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Insider threats in healthcare

Insider threats in healthcare

Insider threats are hidden risks in an organization that could come from employees or malicious agents. These threats infiltrate the organization's security measures and gain access to sensitive or private financial data. In a healthcare setting, this could potentially result in a violation or breach of HIPAA. 


What is an insider threat?

An insider threat in the healthcare and public health (HPH) sector refers to the potential risk posed by individuals who have authorized access to an organization's assets, information, and computer systems but may misuse that access in a way that negatively impacts the organization. These threats can come from various sources, including employees, contractors, and third parties. 

See also: Defending against AI cyberattacks in healthcare


Forms of insider threats to look out for in healthcare

  • Careless or negligent workers
  • Malicious insiders
  • Inside agents
  • Disgruntled employees
  • Third parties


How insider threats impact healthcare organizations

Insider threats in healthcare organizations impact the industry from a broader perspective. They erode trust in the healthcare sector, as the public may become more wary of sharing their sensitive information with healthcare providers. This can hinder data-sharing initiatives, research collaborations, and the development of patient-centric healthcare solutions. 

Additionally, insider threats can lead to the organization being required to provide notice of security breaches and provide evidence of measures implemented to secure against the insider threats, this may result in higher operational costs. 

Furthermore, insider threats influence insurance premiums for healthcare organizations, making it more expensive for them to protect themselves against such risks. Therefore, these threats not only harm individual healthcare organizations but can have ripple effects on the entire healthcare ecosystem.


Recommended best practices to mitigate the risks

  1. Insider threat mitigation program: Establish a formal insider threat mitigation program that outlines strategies, responsibilities, and procedures for addressing these threats.
  2. Security agreements with third parties: Define explicit security agreements for third-party vendors, particularly specifying access restrictions and monitoring capabilities.
  3. Secure communication: Utilize encrypted communication methods with data protection at the forefront. Solutions such as HIPAA compliant email offer a seamless way to ensure employee communication is secure and monitored. 
  4. Collaboration between leadership, IT, and HR: Promote collaborative efforts among healthcare leadership, IT departments, and Human Resources to effectively identify and address insider threats.
  5. Behavior analytics: Implement tools to monitor and analyze user behavior patterns. These tools can detect deviations from normal behavior and issue alerts when suspicious activities are identified.
  6. Endpoint Detection and Response (EDR): Deploy EDR solutions on endpoints (e.g., desktops, laptops, and servers) to monitor and respond to suspicious activities at the device level. EDR tools can help identify insider threats in real-time.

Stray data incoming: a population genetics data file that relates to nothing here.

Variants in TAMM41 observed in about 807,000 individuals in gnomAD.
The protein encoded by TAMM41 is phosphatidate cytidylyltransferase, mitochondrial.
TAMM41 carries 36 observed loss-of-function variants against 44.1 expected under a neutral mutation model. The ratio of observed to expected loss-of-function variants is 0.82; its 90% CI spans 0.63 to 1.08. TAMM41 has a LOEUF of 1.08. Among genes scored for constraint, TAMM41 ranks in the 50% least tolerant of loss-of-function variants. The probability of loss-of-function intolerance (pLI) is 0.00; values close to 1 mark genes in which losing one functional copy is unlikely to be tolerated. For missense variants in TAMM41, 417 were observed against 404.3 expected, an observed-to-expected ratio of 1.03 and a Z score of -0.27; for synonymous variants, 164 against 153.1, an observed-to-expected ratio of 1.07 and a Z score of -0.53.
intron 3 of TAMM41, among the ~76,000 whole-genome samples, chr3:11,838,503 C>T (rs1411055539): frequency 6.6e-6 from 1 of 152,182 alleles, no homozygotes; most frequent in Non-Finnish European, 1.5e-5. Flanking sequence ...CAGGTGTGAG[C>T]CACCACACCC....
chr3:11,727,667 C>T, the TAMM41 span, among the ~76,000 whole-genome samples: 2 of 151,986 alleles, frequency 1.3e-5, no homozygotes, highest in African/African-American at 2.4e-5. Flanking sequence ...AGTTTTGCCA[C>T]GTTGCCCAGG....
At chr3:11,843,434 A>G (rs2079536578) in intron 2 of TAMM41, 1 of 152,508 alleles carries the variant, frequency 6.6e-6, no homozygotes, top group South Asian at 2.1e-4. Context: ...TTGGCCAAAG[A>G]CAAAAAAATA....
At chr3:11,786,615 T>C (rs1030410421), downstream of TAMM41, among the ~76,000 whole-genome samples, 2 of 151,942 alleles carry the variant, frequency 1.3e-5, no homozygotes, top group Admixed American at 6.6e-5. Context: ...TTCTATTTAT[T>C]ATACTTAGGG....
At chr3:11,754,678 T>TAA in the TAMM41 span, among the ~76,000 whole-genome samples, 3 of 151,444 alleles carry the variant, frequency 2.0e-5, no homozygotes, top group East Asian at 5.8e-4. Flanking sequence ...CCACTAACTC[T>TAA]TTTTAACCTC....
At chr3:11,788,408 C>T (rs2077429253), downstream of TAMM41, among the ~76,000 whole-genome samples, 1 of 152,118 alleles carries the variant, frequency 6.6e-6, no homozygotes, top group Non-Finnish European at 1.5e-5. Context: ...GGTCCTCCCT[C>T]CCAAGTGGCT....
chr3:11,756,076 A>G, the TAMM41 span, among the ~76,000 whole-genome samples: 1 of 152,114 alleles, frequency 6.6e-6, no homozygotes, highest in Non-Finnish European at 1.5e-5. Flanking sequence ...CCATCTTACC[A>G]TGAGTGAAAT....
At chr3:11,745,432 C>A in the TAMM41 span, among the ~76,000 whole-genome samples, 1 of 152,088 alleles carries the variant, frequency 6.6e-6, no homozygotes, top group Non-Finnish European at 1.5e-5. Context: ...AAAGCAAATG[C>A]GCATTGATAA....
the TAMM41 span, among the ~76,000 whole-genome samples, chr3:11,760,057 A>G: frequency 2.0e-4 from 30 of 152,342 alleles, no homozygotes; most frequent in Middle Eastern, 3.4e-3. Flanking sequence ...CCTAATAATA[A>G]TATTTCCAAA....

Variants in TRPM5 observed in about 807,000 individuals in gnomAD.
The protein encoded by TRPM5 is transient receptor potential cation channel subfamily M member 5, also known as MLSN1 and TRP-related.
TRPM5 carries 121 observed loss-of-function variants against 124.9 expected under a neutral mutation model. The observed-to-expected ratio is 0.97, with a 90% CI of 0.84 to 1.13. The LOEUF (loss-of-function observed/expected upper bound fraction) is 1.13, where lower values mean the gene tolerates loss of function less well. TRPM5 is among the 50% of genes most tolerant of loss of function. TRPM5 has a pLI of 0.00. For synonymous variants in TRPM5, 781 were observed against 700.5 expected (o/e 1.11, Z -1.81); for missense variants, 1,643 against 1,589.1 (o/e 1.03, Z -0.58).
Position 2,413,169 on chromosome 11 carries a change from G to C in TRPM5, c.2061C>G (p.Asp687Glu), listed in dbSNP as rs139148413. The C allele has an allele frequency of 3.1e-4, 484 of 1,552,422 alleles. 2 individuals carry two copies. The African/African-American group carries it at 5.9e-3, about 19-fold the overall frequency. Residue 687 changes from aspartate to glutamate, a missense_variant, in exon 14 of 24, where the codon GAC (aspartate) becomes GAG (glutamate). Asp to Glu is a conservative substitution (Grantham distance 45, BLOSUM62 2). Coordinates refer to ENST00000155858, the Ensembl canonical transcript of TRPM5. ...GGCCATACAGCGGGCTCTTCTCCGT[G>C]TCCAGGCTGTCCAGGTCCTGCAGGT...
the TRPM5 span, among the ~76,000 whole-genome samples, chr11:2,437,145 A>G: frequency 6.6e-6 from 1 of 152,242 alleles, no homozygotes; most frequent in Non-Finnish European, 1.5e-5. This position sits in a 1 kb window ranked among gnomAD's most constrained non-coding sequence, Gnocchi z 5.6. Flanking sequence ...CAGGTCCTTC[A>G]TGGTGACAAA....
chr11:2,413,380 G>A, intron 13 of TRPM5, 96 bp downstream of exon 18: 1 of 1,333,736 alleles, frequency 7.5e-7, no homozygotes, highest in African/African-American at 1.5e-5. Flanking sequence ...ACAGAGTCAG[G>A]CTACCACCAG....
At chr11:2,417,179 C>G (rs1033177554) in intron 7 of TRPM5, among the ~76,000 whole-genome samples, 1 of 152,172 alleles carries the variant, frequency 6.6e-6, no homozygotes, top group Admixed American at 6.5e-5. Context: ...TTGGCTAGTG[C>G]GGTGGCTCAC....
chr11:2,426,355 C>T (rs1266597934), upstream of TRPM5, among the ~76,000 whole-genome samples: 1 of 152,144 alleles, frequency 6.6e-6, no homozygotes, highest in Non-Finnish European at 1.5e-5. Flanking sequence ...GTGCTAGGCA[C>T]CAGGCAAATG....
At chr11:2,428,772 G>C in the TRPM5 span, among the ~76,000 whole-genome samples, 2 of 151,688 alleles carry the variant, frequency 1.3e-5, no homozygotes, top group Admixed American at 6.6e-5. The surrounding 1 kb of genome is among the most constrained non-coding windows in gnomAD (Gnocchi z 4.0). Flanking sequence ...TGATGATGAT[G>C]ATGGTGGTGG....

7. Data classification: Classify data based on sensitivity and establish policies for handling, storing, and sharing each data category. This helps in focusing security measures on the most necessary data assets.
  8. Network segmentation: Segment the network into isolated zones with limited communication between them. This limits the lateral movement of potential insider threats within the network.
  9. Security Information and Event Management (SIEM): Implement an SIEM system to centralize and correlate logs from various systems. SIEM can provide real-time analysis of security alerts and help identify insider threats.
  10. Application blocklisting: Use application blocklisting to control which software and applications are allowed to run on endpoints. This prevents unauthorized or malicious software from executing.
  11. Insider threat awareness training: Provide specialized training to employees, contractors, and third parties about the risks of insider threats. Make them aware of the consequences and how to report suspicious activities.
  12. Employee monitoring software: Consider using employee monitoring software to track and analyze employee activities, especially in roles with high levels of access and responsibility.


The $16.2 million insider security threat and urgent need for change

A 2023 DTEX systems Cost of Insider Risk Report shows that insider security threats come in two main types: malicious or non-malicious. The malicious threats involve people stealing information, committing fraud, or even doing violent things at work.

Non-malicious incidents happen when people make mistakes, or someone tricks them, like falling for phishing emails. What's really necessary is how much money these incidents can cost. Even though intentional harm is not as common, it is the most expensive, costing about $701,500 each time.

See also: The $16.2 million insider security threat and urgent need for change


Insider threats in the news

The pioneering electric vehicle manufacturer Tesla recently experienced a significant data breach due to an insider threat that affected over 75,000 of its current and former employees. The breach revealed sensitive personal information, including Social Security numbers, and was orchestrated by two former employees of the company.

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